Professor Nneka Dennie discusses Women’s History Month in a recent New York Times article.
During his career at W&L, DeLaney brought his passion for justice and inclusion to the classroom and to his scholarship.
Spring Term courses aim to provide innovative, one-of-a-kind educational experiences to W&L students. Online instruction during COVID-19 led to many new opportunities.
The three-night miniseries airs on the History channel beginning Monday, May 25 at 9 p.m.
Myer's talk, which is free and open to the public, is titled “A Civil War Murder(?) Mystery: The Death and Burial of Lt. John Rodgers Meigs.”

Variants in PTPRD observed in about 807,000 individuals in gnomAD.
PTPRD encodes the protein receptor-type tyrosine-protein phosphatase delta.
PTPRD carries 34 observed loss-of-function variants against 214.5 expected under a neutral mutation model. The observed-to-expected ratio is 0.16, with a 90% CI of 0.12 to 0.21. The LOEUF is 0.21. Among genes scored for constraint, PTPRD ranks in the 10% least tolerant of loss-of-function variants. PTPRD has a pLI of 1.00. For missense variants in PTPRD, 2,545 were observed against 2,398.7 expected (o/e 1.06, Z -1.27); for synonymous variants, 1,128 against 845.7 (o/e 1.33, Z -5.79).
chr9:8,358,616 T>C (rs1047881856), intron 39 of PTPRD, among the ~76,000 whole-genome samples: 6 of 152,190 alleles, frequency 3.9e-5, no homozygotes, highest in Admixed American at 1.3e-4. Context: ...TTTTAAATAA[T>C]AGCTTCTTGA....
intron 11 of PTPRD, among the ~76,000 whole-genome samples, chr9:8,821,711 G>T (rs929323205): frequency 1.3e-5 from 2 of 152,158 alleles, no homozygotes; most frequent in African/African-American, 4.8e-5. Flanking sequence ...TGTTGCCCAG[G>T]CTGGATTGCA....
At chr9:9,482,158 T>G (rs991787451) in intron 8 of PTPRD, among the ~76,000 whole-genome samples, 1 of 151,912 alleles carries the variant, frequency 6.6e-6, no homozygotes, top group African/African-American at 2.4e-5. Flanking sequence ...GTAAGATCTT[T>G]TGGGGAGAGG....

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Myers will hold the position for a three-year period.
NEH grant awards support cultural infrastructure projects, advanced scholarly research, humanities exhibitions and documentaries and the preservation of historical collections.
The panel discussion, which is free and open to the public, is titled “Who Is America?! A Response to Michael Anton’s Constitution Day Lecture.”
Evans will discuss the history behind several fraudulent copies of Lansdowne-style George Washington portraits that were produced based on the original.
Professors Michelle Brock, Sarah Horowitz and Molly Michelmore discuss the message and weight behind Confederate monuments on college campuses